Review and photography by John Bentley

Barry Adamson

While long acclaimed as an accomplished musician and composer, Barry Adamson has usually been seen lurking at the back of the stage, as bass guitarist with Magazine and as keyboards / bass player with Nick Cave and the Bad Seeds. However, tonight Barry reveals himself as an imposing singer, frontman and bandleader, as he treats Manchester to a rare live performance, featuring his new album ‘Know Where to Run’.

First on stage at The Deaf Institute is The Bear Around Your Neck, not a band but Manchester-based singer-songwriter Nathaniel Scott. His acoustic guitar seems to have a strange tuning from which he produces an interesting distorted and percussive psych-blues sound, while he sings in a high, Robert Plant-type, voice. Listening to his recorded music, where he performs in a multi-instrument band format, his songs (such as ‘Pearls’) sound rather different: his stripped-down live solo-acoustic performance is strangely other-worldly and original.

The Bear Around Your Neck

For Barry Adamson this is a special evening, as Manchester is his home town and was the base for his first successful band, Magazine, with whom he played bass and co-wrote many of the songs. Since his 1980s stint with The Bad Seeds, Adamson has concentrated on solo albums and film soundtracks. His early albums had a film-noire quality, reflecting composers like John Barry and Ennio Morricone, while his more recent work includes jazz, electronica, soul and funk influences. Barry’s music defies categorisation and he is certainly a polymath.

Barry Adamson

Accompanied by his four-piece band, Barry Adamson takes the stage in a rather fetching purple crushed velvet suit. He is obviously very happy to be back in Manchester and is raring to go. First up is a new song, ‘Up in the Air’, from his new album, which provides the material for half of the set tonight. The new album, as well as tonight’s gig, is one which concentrates on songs and Barry’s singing, rather than the filmic soundscapes for which many of his records are known. There’s some great songs from the album performed this evening, such as ‘Come Away’, ’Death Takes a Holiday’ and ‘Claw and Wing’. He steers clear of some of the more instrumental pieces on the new record, although a strong jazz-soul-noire mood is maintained throughout. We also get a selection of songs from his other albums spread through the set, including ‘Civilisation’ and two other numbers from 2008’s ‘Back to the Cat’.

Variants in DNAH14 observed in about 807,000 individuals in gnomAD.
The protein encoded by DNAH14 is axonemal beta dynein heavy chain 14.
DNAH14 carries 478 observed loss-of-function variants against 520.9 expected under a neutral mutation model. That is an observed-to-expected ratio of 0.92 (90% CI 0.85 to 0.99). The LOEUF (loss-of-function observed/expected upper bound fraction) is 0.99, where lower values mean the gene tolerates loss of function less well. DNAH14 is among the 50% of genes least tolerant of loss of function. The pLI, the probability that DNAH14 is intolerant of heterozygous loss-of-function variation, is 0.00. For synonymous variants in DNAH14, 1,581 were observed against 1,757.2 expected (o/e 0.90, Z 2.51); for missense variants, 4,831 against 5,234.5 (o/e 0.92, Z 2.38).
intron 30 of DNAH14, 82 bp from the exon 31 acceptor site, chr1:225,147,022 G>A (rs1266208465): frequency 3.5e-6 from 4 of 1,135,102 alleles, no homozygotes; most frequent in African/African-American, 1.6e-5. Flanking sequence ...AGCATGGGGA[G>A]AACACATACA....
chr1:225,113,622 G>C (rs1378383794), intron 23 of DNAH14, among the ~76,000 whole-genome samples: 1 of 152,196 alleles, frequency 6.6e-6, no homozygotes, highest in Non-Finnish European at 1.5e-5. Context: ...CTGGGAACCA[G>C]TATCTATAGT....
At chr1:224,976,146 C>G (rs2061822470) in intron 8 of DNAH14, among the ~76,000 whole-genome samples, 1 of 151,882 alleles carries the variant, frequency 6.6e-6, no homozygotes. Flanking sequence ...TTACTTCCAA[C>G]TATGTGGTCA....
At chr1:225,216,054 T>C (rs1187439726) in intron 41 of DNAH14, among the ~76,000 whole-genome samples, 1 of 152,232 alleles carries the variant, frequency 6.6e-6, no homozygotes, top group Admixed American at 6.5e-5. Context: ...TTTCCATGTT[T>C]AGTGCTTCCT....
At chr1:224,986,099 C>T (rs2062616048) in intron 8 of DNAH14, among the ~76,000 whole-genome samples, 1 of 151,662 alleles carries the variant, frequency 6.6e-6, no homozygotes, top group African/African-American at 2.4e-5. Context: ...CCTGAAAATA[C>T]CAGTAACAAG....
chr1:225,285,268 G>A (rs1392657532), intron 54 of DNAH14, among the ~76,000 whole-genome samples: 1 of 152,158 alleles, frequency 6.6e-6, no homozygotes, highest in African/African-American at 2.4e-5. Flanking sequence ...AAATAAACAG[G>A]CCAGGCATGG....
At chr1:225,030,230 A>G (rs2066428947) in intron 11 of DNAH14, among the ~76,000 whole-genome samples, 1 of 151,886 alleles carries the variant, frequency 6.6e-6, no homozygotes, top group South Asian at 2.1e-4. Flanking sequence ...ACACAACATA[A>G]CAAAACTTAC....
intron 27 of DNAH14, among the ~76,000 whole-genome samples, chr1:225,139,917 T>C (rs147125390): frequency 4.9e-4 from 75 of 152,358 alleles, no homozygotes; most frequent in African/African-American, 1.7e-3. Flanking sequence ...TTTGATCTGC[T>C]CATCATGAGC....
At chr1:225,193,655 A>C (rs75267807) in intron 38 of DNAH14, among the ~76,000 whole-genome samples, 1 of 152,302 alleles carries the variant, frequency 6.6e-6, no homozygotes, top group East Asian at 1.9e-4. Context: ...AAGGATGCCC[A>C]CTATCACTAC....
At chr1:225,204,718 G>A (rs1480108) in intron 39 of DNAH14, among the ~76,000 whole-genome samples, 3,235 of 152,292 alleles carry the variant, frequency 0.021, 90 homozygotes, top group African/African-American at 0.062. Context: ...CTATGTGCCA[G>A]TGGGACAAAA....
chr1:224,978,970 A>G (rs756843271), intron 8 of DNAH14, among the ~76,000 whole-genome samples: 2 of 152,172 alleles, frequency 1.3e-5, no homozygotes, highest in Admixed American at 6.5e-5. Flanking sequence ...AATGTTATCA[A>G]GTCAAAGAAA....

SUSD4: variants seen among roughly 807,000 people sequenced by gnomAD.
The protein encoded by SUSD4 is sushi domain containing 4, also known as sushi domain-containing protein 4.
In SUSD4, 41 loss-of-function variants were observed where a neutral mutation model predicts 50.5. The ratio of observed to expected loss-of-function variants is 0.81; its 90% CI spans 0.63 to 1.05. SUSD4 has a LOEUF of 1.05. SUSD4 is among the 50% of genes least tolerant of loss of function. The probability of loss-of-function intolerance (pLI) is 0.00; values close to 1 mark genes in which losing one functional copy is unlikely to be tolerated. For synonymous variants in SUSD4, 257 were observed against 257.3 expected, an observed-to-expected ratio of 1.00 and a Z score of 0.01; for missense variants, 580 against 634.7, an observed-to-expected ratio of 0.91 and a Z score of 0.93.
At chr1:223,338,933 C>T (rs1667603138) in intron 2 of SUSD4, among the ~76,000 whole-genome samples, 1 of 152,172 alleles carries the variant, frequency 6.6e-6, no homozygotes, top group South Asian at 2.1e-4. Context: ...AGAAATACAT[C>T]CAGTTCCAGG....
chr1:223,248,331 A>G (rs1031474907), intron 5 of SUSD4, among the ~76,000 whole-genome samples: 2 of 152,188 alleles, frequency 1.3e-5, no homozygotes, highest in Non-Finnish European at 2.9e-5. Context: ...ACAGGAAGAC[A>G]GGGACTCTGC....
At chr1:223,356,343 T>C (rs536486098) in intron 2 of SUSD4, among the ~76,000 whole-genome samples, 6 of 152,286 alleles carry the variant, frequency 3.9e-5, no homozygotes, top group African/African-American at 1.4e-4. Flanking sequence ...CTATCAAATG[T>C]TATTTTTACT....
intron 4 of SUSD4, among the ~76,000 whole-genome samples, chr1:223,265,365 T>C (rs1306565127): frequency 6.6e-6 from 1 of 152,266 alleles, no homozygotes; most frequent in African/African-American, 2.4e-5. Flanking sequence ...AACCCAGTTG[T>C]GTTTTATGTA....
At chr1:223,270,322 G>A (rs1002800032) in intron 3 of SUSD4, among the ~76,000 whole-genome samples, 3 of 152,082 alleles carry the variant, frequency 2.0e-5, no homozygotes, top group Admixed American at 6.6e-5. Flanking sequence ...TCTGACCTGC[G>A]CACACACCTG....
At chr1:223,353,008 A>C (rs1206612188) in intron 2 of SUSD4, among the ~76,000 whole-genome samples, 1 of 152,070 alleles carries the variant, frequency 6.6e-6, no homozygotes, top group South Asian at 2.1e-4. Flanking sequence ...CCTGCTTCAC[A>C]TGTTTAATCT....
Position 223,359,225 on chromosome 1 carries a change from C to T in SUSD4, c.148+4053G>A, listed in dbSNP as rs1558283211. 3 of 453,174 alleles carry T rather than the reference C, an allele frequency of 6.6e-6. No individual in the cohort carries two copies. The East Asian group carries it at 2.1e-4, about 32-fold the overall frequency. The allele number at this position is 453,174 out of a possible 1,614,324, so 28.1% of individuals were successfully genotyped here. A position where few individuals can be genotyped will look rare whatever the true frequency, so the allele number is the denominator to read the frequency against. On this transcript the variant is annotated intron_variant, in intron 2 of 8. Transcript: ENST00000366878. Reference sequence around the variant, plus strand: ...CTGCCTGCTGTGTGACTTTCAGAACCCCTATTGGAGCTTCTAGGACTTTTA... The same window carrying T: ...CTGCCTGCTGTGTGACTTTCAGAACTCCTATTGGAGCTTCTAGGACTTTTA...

Barry Adamson

For most of the gig Barry sings and gyrates centre-stage. Only for a few songs does he sit at the piano and he leaves the bass guitar playing to band member Iain Ross. “Great bass player”, someone calls out and Barry agrees. There is obviously some expectation that Barry might pick up the bass at some point, but he doesn’t.

What comes over throughout the evening is just how good a singer Barry really is. He has a powerful voice, and he’s a soulful crooner or a sensitive balladeer according to the needs of the song. He’s also very confident, sharp-witted and his banter is just hilarious. Along with his natty dress sense, Barry obviously learnt quite a few things about stagecraft from his times with Nick Cave and the Bad Seeds.

Barry Adamson

As the set comes to an end, the hall dissolves into laughter as a wag in the audience shouts “You’ve only done an hour, you workshy bastard”. There’s Manchester wit for you. The band emerge after a short break for the encore. Barry reflects briefly on the passing of Bowie and his influence and then the band launches into ‘Jazz Devil’, which uses the riff from the Bowie-Iggy Pop composition ‘Nightclubbing’. It’s then that Baz has his playful revenge on the heckler, as he changes the lyric of ‘Jazz Devil’ and sings “you can call me workshy bastard double-0 666”. Touché!

We finish with a great slow version of “Thank You (Falettinme Be Mice Elf Agin)”, the Sly and the Family Stone funk track that Barry originally recorded with Magazine, with our Baz doing some impressive high register singing. Thanks for a great evening, Barry. Come back to Manchester soon.

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